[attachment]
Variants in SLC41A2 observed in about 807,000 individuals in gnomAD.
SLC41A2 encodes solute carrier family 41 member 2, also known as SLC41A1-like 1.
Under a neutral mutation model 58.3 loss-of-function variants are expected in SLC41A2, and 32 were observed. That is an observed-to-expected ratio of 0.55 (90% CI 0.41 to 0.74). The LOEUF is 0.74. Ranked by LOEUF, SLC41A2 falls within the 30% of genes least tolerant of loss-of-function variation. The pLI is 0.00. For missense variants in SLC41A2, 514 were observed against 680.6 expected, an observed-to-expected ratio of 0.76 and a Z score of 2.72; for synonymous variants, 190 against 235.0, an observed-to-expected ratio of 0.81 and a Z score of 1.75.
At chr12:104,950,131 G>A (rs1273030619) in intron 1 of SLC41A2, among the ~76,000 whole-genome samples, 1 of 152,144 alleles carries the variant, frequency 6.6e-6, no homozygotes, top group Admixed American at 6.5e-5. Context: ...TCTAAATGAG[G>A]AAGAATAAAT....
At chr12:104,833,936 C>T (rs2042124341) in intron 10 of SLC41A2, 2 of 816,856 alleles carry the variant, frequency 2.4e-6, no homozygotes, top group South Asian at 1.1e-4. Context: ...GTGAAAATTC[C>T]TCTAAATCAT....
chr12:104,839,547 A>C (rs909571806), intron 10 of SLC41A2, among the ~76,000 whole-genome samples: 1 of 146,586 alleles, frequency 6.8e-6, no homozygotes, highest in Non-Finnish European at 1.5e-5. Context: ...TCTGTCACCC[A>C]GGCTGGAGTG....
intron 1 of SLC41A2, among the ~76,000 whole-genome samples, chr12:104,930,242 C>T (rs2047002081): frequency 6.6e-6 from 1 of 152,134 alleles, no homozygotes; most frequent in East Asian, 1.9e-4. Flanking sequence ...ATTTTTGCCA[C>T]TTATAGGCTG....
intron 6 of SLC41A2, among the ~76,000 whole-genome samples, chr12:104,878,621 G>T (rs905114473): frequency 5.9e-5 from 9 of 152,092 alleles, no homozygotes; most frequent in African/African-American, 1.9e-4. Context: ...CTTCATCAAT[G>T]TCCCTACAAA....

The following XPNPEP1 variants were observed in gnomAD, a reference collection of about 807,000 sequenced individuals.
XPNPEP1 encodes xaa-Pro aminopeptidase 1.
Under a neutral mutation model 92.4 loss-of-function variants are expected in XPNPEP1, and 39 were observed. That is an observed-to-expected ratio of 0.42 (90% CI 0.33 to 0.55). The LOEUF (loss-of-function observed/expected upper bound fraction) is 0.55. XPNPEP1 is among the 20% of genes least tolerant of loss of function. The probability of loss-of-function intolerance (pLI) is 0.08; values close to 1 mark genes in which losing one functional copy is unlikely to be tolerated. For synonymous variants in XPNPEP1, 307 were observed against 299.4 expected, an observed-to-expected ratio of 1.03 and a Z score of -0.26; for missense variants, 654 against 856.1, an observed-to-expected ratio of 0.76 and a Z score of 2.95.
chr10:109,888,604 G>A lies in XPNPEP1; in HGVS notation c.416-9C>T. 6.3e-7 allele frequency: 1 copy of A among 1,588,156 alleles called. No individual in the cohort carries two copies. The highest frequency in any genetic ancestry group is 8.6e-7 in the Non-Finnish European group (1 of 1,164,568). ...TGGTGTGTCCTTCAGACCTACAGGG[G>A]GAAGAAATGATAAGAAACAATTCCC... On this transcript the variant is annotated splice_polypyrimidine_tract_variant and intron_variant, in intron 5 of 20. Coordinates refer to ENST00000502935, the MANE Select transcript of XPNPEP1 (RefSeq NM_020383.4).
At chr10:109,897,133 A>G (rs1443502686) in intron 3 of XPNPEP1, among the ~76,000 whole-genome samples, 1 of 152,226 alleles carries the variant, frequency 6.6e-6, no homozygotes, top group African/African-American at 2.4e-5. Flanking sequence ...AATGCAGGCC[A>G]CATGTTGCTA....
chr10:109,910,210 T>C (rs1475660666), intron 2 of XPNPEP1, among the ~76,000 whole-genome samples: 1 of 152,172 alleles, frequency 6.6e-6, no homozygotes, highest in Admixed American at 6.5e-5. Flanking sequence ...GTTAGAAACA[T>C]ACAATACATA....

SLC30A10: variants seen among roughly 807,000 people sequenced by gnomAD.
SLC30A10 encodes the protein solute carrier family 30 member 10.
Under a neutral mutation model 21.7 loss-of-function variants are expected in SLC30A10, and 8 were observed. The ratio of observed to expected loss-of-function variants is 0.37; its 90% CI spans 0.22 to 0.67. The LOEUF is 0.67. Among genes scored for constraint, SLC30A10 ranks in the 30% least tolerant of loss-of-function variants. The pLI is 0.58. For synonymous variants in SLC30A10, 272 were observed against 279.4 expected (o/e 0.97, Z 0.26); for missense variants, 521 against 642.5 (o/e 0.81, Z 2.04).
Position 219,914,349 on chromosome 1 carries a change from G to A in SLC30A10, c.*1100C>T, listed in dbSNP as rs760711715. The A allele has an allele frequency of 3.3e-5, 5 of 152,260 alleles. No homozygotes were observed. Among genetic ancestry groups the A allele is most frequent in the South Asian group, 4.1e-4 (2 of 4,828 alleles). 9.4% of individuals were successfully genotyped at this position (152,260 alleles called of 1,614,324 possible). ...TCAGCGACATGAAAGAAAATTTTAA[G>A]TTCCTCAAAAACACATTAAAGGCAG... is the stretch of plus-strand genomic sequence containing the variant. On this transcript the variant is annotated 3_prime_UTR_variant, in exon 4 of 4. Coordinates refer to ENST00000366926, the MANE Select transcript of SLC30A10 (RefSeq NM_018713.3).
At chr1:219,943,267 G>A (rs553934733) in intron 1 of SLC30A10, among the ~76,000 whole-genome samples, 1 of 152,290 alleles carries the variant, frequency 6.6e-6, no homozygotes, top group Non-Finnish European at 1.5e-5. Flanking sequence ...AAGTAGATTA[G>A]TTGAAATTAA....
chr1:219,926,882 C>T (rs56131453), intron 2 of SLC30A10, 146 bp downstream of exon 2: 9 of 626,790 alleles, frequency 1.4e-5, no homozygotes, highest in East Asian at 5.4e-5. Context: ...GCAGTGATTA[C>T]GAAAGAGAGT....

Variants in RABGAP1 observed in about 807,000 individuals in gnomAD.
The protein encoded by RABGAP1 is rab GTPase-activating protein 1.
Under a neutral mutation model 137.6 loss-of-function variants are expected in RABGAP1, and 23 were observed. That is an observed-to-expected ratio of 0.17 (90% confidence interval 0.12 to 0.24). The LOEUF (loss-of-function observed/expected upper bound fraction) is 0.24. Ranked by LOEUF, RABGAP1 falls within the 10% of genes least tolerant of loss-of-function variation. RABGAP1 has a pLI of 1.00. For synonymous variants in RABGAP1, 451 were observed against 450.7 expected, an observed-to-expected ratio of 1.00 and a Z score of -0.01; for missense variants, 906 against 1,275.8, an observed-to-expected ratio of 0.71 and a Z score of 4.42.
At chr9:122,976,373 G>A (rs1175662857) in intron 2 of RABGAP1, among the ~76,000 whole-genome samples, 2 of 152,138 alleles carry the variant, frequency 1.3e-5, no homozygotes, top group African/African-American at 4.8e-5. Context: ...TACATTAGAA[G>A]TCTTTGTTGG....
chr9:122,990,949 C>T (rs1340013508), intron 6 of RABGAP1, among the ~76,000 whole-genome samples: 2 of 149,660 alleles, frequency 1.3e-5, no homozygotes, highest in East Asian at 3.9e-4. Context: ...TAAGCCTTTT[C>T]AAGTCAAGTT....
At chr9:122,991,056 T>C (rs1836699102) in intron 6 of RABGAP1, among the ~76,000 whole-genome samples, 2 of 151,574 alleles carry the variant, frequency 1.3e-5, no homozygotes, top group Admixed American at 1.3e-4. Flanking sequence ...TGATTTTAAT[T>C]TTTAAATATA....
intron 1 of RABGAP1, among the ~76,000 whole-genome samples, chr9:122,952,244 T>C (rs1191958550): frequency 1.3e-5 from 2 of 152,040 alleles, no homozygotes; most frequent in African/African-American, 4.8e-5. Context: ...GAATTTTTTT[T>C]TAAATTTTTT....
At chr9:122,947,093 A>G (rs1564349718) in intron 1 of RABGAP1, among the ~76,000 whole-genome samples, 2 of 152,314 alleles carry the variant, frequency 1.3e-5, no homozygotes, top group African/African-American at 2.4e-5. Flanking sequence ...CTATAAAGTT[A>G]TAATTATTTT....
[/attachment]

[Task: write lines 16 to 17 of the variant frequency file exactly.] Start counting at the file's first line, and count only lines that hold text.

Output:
SLC30A10 encodes the protein solute carrier family 30 member 10.
Under a neutral mutation model 21.7 loss-of-function variants are expected in SLC30A10, and 8 were observed. The ratio of observed to expected loss-of-function variants is 0.37; its 90% CI spans 0.22 to 0.67. The LOEUF is 0.67. Among genes scored for constraint, SLC30A10 ranks in the 30% least tolerant of loss-of-function variants. The pLI is 0.58. For synonymous variants in SLC30A10, 272 were observed against 279.4 expected (o/e 0.97, Z 0.26); for missense variants, 521 against 642.5 (o/e 0.81, Z 2.04).